In her most emotionally wrenching, lyrically written book since the multiple-award-winning Speak, Laurie Halse Anderson explores a girl's descent into the powerful vortex of anorexia, and her painful path toward recovery.
Dead girl walking, the boys say in the halls.
Tell us your secret, the girls whisper, one toilet to another.
I am that girl.
I am the space between my thighs, daylight shining through.
I am the bones they want, wired on a porcelain frame.
Lia and Cassie are best friends, wintergirls frozen in matchstick bodies, competitors in a deadly contest to see who can be the skinniest. But what comes after size zero and size double-zero? When Cassie succumbs to the demons within, Lia feels she is being haunted by her friends restless spirit.
In her most emotionally wrenching, lyrically written book since the multiple-award-winning Speak, Laurie Halse Anderson explores Lias descent into the powerful vortex of anorexia, and her painful path toward recovery.
So she tells me, the words dribbling out with the cranberry muffin crumbs, commas dunked in her coffee.
She tells me in four sentences. No, five.
I cant let me hear this, but its too late. The facts sneak in and stab me. When she gets to the worst part
body found in a motel room, alone
my walls go up and my doors lock. I nod like Im listening, like were communicating, and she never knows the difference.
Its not nice when girls die.
We didnt want you hearing it at school or on the news. Jennifer crams the last hunk of muffin into her mouth. Are you sure youre okay?
I open the dishwasher and lean into the cloud of steam that floats out of it. I wish I could crawl in and curl up between a bowl and a plate. My stepmother Jennifer could lock the door, twist the dial to scald, and press on.
The "place" author Laurie Halse Anderson takes us is not an exotic setting in a distant world, but instead deep into the mind of young Lia, who suffers from an eating disorder. Lia's first-person narration is so authentic it is hard to believe it's fiction and not an actual memoir... Lia and Cassie's story opens the door to discussions of issues all teens struggle with: finding their identity, belonging and making wise choices.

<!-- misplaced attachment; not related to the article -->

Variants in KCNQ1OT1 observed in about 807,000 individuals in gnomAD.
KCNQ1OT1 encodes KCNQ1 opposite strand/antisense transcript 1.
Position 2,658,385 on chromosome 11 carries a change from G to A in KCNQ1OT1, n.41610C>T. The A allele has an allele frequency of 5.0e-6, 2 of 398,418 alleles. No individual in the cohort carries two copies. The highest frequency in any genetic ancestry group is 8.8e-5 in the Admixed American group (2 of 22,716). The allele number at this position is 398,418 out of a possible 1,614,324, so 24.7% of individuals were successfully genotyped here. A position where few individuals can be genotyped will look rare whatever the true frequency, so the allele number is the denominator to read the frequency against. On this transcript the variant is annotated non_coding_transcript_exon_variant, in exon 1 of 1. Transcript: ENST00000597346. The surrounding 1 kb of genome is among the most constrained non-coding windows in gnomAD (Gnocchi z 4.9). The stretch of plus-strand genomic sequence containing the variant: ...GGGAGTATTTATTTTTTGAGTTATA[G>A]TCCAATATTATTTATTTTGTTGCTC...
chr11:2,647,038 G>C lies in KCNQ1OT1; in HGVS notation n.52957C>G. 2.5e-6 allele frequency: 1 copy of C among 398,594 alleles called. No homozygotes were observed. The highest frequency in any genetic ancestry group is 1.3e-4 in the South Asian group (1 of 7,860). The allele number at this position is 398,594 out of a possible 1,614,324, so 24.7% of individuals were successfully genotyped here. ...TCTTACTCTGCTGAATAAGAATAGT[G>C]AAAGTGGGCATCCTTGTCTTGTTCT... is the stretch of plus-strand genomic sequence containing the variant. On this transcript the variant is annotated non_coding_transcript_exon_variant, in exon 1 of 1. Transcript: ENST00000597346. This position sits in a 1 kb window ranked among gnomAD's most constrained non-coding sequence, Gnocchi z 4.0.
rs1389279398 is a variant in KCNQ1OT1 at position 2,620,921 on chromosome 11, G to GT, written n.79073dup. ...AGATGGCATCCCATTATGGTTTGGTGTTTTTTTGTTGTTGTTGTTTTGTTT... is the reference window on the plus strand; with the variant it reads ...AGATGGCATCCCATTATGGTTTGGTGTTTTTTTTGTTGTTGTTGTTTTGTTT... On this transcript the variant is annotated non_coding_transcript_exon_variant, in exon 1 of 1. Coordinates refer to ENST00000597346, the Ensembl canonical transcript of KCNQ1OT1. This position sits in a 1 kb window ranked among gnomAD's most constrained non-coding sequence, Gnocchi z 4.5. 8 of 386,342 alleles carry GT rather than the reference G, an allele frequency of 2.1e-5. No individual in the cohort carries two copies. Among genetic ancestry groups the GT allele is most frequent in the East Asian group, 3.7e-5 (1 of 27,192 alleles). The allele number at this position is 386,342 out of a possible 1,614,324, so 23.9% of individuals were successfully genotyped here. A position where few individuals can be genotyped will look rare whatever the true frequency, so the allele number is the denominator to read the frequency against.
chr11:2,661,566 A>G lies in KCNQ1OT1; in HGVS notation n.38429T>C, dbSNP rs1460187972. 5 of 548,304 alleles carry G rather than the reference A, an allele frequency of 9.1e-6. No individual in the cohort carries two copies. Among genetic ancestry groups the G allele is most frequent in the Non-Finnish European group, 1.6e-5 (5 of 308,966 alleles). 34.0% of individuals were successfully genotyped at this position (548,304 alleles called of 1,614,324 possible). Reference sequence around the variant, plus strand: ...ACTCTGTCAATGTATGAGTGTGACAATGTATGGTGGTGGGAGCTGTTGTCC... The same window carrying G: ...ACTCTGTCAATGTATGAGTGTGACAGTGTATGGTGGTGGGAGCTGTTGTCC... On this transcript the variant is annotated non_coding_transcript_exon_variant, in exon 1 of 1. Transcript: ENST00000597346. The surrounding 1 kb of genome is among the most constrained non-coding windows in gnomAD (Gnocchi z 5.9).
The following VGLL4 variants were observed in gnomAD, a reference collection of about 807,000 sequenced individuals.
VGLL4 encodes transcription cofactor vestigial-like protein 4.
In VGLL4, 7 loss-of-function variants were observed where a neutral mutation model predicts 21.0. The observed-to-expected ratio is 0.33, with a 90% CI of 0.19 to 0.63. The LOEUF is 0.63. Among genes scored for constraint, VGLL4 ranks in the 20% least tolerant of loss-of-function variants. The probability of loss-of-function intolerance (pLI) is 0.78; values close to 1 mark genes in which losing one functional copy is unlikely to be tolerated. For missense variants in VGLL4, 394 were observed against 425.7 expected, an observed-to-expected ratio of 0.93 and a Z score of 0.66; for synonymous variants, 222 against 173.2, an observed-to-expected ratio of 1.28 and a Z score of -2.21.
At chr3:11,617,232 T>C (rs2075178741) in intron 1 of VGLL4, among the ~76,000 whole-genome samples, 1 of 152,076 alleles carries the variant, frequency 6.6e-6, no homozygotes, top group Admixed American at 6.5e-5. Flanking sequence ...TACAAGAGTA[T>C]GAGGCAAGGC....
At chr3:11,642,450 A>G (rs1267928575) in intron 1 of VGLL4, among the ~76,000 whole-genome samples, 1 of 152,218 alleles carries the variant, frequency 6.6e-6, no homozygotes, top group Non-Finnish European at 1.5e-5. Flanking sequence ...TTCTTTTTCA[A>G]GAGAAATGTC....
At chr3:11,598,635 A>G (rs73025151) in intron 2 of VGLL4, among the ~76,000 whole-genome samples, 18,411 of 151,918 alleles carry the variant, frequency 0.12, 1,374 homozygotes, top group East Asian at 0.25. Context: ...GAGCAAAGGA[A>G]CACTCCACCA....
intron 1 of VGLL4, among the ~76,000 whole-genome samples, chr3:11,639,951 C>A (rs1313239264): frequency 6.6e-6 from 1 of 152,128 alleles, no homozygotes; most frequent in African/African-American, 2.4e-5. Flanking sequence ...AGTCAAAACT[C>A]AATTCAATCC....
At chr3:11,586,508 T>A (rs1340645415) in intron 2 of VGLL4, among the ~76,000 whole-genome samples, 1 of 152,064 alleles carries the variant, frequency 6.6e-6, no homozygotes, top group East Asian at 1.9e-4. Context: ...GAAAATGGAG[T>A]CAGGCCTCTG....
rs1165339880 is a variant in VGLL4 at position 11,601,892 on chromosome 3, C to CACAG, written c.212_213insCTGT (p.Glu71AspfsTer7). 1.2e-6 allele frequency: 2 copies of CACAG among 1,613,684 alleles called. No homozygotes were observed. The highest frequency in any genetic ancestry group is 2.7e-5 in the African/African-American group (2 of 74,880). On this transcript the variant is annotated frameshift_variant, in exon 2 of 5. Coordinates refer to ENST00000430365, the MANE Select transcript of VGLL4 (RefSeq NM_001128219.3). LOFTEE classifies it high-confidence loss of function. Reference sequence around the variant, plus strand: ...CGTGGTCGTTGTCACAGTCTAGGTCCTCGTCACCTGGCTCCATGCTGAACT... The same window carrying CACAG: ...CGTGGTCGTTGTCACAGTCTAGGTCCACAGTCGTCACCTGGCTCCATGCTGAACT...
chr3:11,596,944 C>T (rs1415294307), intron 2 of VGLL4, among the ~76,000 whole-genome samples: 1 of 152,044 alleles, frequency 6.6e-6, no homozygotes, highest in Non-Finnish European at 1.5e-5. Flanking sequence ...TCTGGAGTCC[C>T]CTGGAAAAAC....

(Reviewed by Vy Armour).
Full Review (854 words).
Anderson Wins Teen Lit Award
Laurie Halse Anderson is the winner of the 2009 Margaret A. Edwards Award for her novels Catalyst, Fever 1793, and Speak. She will be honored at the Young Adult Library Services Association (YALSA) 2009 Annual ALA Conference in Chicago, July 9-15, 2009.
Criteria used to select winners of this award are as follows:
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They tell me that my memory will never be the same, that I'll start forgetting things. At first just a little, and then a lot. So I'm writing to remember.
In a single moment, everything changes. Seventeen-year-old Mia has no memory of the accident; she can only recall riding along the snow-wet Oregon road with her family. Then, in a blink, she finds herself watching as her own damaged body is taken from the wreck...
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